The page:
Friday, September 7, 2012

Slipping Down the Slope: Remember the Routines that keep you UP

It's difficult to start this post. I'm a bit ashamed of what I need to say. Not because I'm embarrassed to tell, just disappointed that there is a story to be told.

A series of complicated external and internal events have perfectly led me into my first slump of the year. A few weeks of where everything seems impossible, where I am anything but adequate, and my problems gathered up together and morphed to form a volcanic mountain of doom.

I did not mean for this to happen--definitely not one of my goals. It was not a fast nor gradual transition; I just did not see it coming. It was such a steady slope that I could hardly sense the change. But I changed.

I am back on the path to being my optimistic, strong, happy self. It may take a while to fully recover though. The one downside of being optimistic/happy in a situation, is that, once achieved, you can easily forget how hard it can be to maintain base of contentedness. Without building buffers for sudden adversity or keeping up the routines that got you there initially, it can be deceivingly easy to slip back to prior conditions. I certainly was surprised when I really looked up and saw where I was. Or, more so, a person who cared enough to slap me around, pointed out to me where I had fallen.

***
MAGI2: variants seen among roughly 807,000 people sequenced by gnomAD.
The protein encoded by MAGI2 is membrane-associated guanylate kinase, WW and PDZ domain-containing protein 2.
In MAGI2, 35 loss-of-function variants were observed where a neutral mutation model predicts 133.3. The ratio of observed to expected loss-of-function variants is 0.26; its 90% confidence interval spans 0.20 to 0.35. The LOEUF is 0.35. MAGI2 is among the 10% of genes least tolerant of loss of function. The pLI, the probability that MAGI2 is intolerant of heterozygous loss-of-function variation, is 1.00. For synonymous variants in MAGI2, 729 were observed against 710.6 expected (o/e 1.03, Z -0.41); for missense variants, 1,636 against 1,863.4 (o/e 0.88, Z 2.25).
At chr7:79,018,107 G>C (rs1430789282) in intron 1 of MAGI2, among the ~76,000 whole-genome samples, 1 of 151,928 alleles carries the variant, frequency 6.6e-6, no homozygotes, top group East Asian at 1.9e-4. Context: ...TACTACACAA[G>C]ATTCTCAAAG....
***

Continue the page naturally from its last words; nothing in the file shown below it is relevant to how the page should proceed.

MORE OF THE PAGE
I wasn't keeping up. I was not chasing my demons down and beating the tar out of them before they could get to me. And I've paid for it. I have been so tired, in so much pain, feeling so defeated and frustrated, and negative, all because I slipped out of giving my routine ass-kicking to my disease and struggles. Yes, I used a bad word. I'm sorry. It seems to be the only word that accurately describes my daily brawls with this disease's efforts to torture or kill me slowly. I can not let my guard down and let one thing slide pass--otherwise, I'm back at its mercy.